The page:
Využití bioplynu v subsaharské Africe
Landfill Gas Capture in Sub-Saharan Africa: Opportunity and Feasibility Report
Minutes of the BBL held on November 4, 2003
EWDEN and ESMAP co-hosted a BBL with the purpose to validate and to disseminate the results of the study on landfill gas capture opportunity and feasibility in Sub-Saharan Africa (SSA) carried out by Fatimata Ouedraogo. The Bank staff from the Africa, Latin America, East Asia Regions, EWDEN and ESMAP units attended. Takahashi Masaki chaired the meeting.Participants:
Ø Dominique Lallement - ESMAP Manager, EWDES
Ø Armarquaye Armar - Lead Energy Specialist, EWDEN
Ø Luiz Mauren - Sr Energy Specialist, EWDEN
Ø Takahashi Masaki - Sr Power Engineer, EWDEN
Ø Sakairi Yoriko - Sr Economist, AFTEG
Ø Isabelle Paris - Sr Environmental Specialist, AFTES
Ø Chas Feinstein - Lead Energy Specialist, LCSFE
Ø Laurent Durix - Consultant, ESMAP
Ø Dan Hoornweg - Sr Environmental Engineer, EASUR
Ø Horacio Terraza - Environmental Specialist, LCSEN
Ø Fatimata Ouedraogo - Power Engineer & Economist - ConsultantPresentation of Fatimata Ouedraogo
Mrs. Ouedraogo reminded the objectives of the study and critical facts about energy in Africa. After highlighting the triple benefits for developing landfill gas recovery and use projects, she presented the methodology used for selecting Conakry and Dakar in SSA as good candidates. She described the technical assumptions made and the formula used to estimate the potential collectable gas and potential electricity generation from the gas recovered. She then presented a simplified financial analysis and relevant financial indicators calculated for the two cities, based on a proxy methodology with comparable projects in Latin America and EPA guidelines. She concluded on the sustainability of the projects and made recommendations about possible steps to move this activity forward.General appreciation and methodology validation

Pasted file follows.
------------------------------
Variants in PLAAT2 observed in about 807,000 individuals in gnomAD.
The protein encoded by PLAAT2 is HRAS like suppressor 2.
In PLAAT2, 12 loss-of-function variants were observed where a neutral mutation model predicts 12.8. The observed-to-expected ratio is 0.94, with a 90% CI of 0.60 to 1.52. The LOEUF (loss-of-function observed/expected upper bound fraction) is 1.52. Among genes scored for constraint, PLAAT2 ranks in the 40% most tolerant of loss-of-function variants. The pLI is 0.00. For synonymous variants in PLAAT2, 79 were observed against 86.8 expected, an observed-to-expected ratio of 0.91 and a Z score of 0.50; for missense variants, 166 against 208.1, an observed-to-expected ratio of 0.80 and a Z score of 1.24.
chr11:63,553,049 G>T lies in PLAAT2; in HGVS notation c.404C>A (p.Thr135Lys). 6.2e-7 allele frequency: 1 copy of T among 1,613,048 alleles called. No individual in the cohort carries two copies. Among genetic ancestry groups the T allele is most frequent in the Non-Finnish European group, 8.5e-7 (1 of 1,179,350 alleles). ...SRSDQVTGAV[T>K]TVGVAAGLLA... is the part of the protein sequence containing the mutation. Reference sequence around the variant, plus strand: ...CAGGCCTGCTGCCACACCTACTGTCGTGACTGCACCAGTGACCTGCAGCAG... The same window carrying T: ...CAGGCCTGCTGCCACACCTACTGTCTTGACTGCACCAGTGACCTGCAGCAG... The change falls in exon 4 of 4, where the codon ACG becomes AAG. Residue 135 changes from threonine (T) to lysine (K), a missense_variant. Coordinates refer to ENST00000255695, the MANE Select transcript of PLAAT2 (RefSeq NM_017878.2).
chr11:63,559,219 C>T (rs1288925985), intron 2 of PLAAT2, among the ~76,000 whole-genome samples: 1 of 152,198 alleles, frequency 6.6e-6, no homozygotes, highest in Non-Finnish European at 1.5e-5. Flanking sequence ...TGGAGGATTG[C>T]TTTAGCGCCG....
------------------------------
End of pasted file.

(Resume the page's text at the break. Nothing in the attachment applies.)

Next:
Overall, the participants agreed that the presentation was good and that the screening approach, including the assumptions made in selecting the cities, is a valid one. Not only was it clearly outlined but also thorough research was carried out to identify cities which are good candidates for landfill gas capture and use projects. A few comments and suggestions were made in order to improve clarity of the report.Questions on the presentationQ: Aren\'t the figure used for electricity tariff high?
A: This is the single most important factor to influence/determine the feasibility of the project. The figure used in the study (12 UScents/kWh and 9 UScents/kWh for Conakry and Dakar, respectively) are estimated from the current average electricity tariff final consumers are paying in these cities (15 cents/kWh and 11cent/kWh in Conakry and Dakar, respectively). Considering that the generation mix in Conakry and Dakar is more than 65% Diesel, these figures are considered to be reasonable
Q or Comment: Geology of the site of Dakar - When it is open and wet dumping site like the case of Dakar, the methane emissions may have been already released, or hard to capture even after converting it to landfill capture.
A: It is true that the geology of the site of Dakar could reduce the amount of gas that can be captured but the high moisture and organic content will enhance the biodegradation process, and then the amount of methane that can be captured. The open dump site of Dakar is very large with a significant amount of waste in place and is still receiving municipal solid waste. Before moving to the next step, site specific information needs to be collected and analyzed because, at this stage of the study, the screening process and the simplified financial analysis could not take into account all the technical and financial details.